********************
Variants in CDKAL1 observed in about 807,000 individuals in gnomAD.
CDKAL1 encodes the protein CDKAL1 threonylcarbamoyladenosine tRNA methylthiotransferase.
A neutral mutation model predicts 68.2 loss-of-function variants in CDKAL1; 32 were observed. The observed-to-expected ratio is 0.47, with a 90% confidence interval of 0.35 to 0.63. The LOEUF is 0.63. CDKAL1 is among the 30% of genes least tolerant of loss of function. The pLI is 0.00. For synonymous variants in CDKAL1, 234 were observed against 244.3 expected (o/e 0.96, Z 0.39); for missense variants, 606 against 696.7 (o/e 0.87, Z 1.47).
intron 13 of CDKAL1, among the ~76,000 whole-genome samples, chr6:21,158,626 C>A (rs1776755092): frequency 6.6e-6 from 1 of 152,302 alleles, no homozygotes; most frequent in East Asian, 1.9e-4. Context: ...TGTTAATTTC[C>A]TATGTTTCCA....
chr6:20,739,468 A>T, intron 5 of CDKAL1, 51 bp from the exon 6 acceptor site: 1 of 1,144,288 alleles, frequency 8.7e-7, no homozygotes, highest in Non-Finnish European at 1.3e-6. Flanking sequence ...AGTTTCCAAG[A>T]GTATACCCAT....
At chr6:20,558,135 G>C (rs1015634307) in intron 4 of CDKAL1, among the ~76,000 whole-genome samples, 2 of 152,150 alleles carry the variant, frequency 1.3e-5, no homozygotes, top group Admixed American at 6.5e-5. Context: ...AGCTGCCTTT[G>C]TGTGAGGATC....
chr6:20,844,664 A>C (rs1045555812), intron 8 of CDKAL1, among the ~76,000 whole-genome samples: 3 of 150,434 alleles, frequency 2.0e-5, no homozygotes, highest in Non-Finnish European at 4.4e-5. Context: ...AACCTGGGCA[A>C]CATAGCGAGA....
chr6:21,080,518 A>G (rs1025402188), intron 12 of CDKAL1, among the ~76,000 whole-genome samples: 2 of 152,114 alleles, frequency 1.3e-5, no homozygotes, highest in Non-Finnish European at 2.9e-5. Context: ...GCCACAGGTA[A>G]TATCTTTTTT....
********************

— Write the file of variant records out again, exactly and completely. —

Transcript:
Variants in CDKAL1 observed in about 807,000 individuals in gnomAD.
CDKAL1 encodes the protein CDKAL1 threonylcarbamoyladenosine tRNA methylthiotransferase.
A neutral mutation model predicts 68.2 loss-of-function variants in CDKAL1; 32 were observed. The observed-to-expected ratio is 0.47, with a 90% confidence interval of 0.35 to 0.63. The LOEUF is 0.63. CDKAL1 is among the 30% of genes least tolerant of loss of function. The pLI is 0.00. For synonymous variants in CDKAL1, 234 were observed against 244.3 expected (o/e 0.96, Z 0.39); for missense variants, 606 against 696.7 (o/e 0.87, Z 1.47).
intron 13 of CDKAL1, among the ~76,000 whole-genome samples, chr6:21,158,626 C>A (rs1776755092): frequency 6.6e-6 from 1 of 152,302 alleles, no homozygotes; most frequent in East Asian, 1.9e-4. Context: ...TGTTAATTTC[C>A]TATGTTTCCA....
chr6:20,739,468 A>T, intron 5 of CDKAL1, 51 bp from the exon 6 acceptor site: 1 of 1,144,288 alleles, frequency 8.7e-7, no homozygotes, highest in Non-Finnish European at 1.3e-6. Flanking sequence ...AGTTTCCAAG[A>T]GTATACCCAT....
At chr6:20,558,135 G>C (rs1015634307) in intron 4 of CDKAL1, among the ~76,000 whole-genome samples, 2 of 152,150 alleles carry the variant, frequency 1.3e-5, no homozygotes, top group Admixed American at 6.5e-5. Context: ...AGCTGCCTTT[G>C]TGTGAGGATC....
chr6:20,844,664 A>C (rs1045555812), intron 8 of CDKAL1, among the ~76,000 whole-genome samples: 3 of 150,434 alleles, frequency 2.0e-5, no homozygotes, highest in Non-Finnish European at 4.4e-5. Context: ...AACCTGGGCA[A>C]CATAGCGAGA....
chr6:21,080,518 A>G (rs1025402188), intron 12 of CDKAL1, among the ~76,000 whole-genome samples: 2 of 152,114 alleles, frequency 1.3e-5, no homozygotes, highest in Non-Finnish European at 2.9e-5. Context: ...GCCACAGGTA[A>G]TATCTTTTTT....